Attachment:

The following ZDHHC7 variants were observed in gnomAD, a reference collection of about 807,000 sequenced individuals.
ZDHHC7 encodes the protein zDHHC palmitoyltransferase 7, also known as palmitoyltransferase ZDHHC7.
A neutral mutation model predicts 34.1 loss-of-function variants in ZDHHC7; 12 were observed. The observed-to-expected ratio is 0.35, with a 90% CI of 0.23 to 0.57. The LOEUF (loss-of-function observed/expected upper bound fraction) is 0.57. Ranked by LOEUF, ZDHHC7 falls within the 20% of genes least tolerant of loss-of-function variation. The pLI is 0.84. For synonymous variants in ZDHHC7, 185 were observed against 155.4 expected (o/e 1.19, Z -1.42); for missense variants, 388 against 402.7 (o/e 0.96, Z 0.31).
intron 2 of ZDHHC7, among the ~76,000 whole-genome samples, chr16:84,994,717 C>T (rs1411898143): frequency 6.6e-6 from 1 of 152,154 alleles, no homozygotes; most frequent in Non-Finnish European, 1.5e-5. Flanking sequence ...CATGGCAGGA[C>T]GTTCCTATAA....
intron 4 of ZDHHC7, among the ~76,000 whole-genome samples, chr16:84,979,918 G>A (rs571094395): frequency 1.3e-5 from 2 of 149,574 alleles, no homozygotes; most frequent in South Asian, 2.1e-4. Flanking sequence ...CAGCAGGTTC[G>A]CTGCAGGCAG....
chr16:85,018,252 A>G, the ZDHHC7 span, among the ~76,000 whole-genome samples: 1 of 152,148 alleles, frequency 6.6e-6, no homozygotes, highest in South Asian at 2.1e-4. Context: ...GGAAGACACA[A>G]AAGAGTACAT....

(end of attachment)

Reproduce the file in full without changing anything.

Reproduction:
The following ZDHHC7 variants were observed in gnomAD, a reference collection of about 807,000 sequenced individuals.
ZDHHC7 encodes the protein zDHHC palmitoyltransferase 7, also known as palmitoyltransferase ZDHHC7.
A neutral mutation model predicts 34.1 loss-of-function variants in ZDHHC7; 12 were observed. The observed-to-expected ratio is 0.35, with a 90% CI of 0.23 to 0.57. The LOEUF (loss-of-function observed/expected upper bound fraction) is 0.57. Ranked by LOEUF, ZDHHC7 falls within the 20% of genes least tolerant of loss-of-function variation. The pLI is 0.84. For synonymous variants in ZDHHC7, 185 were observed against 155.4 expected (o/e 1.19, Z -1.42); for missense variants, 388 against 402.7 (o/e 0.96, Z 0.31).
intron 2 of ZDHHC7, among the ~76,000 whole-genome samples, chr16:84,994,717 C>T (rs1411898143): frequency 6.6e-6 from 1 of 152,154 alleles, no homozygotes; most frequent in Non-Finnish European, 1.5e-5. Flanking sequence ...CATGGCAGGA[C>T]GTTCCTATAA....
intron 4 of ZDHHC7, among the ~76,000 whole-genome samples, chr16:84,979,918 G>A (rs571094395): frequency 1.3e-5 from 2 of 149,574 alleles, no homozygotes; most frequent in South Asian, 2.1e-4. Flanking sequence ...CAGCAGGTTC[G>A]CTGCAGGCAG....
chr16:85,018,252 A>G, the ZDHHC7 span, among the ~76,000 whole-genome samples: 1 of 152,148 alleles, frequency 6.6e-6, no homozygotes, highest in South Asian at 2.1e-4. Context: ...GGAAGACACA[A>G]AAGAGTACAT....